26 April 2008

Stereo illusions

Via the other person who thought he was clever by playing on "Memex," I finally found Ted Nelson's Way Out of the Box (temporarily down, see Google's cached copy). It's an informed rant against the predominant desktop metaphor that's staring you in the face at this very moment:

But these ideas have a plausible air that has set like concrete into a seeming reality. Macintosh and Windows look alike, therefore that must be reality, right? Wrong. Apple and Windows are like Ford and Chevrolet (or perhaps Tweedledum and Tweedledee), who in their co-imitation create a stereo illusion that seems like reality.

So if Douglas Engelbart is Moses and Xerox PARC Judaism, then the Mac would slot neatly in as Catholicism—it's always had icons and a pope—and the PC as Protestantism, together creating an illusion of a deeper truth where there's really only memetic mutation.

Whereas Ted Nelson is like Diagoras chopping up an image of Hercules to boil his turnips, which would explain why I'm so fond of him. In particular, I love his insight about interface design:

One result is office software that's incredibly clumsy, with slow, pedestrian operations. Think how long it takes to open and name a file and a new directory. Whereas video-game software is lithe, quick, vivid.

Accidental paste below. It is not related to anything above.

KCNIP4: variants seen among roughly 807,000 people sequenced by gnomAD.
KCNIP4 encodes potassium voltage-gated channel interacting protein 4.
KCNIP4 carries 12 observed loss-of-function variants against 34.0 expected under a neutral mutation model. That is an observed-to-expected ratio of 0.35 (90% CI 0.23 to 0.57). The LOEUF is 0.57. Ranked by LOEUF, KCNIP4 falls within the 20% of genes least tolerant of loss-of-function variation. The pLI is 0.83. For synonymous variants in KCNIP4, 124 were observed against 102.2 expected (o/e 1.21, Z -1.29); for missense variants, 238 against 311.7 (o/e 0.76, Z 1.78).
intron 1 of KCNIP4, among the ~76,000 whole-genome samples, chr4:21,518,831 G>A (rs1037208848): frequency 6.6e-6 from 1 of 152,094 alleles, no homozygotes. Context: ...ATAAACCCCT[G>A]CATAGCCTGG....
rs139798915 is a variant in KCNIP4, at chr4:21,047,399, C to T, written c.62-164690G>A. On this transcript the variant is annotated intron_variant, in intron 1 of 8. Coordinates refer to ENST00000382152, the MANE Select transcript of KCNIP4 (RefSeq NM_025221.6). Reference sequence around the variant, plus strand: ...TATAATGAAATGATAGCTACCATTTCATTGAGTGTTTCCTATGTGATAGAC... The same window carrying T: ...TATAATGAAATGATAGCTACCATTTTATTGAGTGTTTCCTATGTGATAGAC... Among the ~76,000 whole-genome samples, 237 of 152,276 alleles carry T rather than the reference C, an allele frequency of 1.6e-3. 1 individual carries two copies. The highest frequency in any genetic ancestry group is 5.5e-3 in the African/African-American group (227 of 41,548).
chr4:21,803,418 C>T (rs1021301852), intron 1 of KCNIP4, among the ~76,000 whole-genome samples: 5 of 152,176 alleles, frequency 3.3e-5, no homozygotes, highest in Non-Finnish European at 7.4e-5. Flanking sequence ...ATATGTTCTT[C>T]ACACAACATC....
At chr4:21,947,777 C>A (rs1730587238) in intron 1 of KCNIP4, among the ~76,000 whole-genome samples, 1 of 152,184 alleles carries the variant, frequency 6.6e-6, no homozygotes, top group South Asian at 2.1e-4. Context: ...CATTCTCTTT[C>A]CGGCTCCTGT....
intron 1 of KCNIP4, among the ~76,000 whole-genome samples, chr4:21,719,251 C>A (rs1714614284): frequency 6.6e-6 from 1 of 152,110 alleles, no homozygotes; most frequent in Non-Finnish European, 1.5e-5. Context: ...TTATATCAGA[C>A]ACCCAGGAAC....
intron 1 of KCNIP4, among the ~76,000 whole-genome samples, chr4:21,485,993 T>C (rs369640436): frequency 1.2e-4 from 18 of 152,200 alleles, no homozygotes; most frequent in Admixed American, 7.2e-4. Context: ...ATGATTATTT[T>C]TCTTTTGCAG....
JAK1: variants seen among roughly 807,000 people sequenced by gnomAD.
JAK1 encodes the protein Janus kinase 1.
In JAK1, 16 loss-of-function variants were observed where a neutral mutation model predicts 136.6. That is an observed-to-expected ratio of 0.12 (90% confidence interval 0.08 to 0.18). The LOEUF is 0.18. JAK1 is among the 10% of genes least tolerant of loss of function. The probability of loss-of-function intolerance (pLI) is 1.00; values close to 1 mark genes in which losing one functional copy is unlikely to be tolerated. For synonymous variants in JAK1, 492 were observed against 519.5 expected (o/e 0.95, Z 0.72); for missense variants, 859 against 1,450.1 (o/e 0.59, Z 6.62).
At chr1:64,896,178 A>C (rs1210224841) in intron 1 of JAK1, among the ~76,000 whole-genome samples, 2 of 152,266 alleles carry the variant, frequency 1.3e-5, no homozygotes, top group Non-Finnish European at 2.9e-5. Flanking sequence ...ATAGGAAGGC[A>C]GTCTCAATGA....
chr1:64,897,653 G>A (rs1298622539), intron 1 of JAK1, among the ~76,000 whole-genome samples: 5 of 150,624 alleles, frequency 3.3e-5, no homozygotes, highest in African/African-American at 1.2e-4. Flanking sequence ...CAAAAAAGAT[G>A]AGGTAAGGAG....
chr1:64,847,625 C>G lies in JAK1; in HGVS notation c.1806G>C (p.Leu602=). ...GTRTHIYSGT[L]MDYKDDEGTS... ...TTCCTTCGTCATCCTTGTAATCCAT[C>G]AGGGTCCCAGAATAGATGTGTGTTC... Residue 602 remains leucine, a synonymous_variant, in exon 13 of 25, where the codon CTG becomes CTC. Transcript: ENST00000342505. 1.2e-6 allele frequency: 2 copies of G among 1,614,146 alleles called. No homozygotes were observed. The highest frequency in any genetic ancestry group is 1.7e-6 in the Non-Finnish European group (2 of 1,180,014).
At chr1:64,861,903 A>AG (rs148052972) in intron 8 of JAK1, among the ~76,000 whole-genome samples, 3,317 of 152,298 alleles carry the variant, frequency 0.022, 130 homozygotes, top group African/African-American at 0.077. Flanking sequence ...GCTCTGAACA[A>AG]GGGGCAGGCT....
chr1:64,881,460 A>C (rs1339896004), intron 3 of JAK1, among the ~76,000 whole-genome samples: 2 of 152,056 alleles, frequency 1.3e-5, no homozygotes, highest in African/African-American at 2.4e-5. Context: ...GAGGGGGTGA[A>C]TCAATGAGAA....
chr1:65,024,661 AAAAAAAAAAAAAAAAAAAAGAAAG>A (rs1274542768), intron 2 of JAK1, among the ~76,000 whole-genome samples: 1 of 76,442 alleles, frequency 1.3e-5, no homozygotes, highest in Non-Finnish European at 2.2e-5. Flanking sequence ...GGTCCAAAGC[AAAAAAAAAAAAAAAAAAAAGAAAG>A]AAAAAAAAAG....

Why is this?

Very simple. Guys who design video games *love to play video games*. Whereas nobody who designs office software seems to care about using it, let alone hopes to use it at warp speed.

(I've been waiting six years for someone to make an interface based on Bullfrog's excellent game Dungeon Keeper 2, which is just about the only real-time strategy I can stand.)

Contrast with Wordie Errata's comment on the state of hyperfiction:

At least since HyperCard debuted in the late 80s people have been talking about how electronic media enable "new forms of storytelling." That phrase (along with "non-linear") has introduced so much plotless tech-wanking, so much storytelling that wasn't so much new as simply unbearable, that I tend to become hyper critical whenever I hear it.

Aw, I think he just made Chris Klimas cry.

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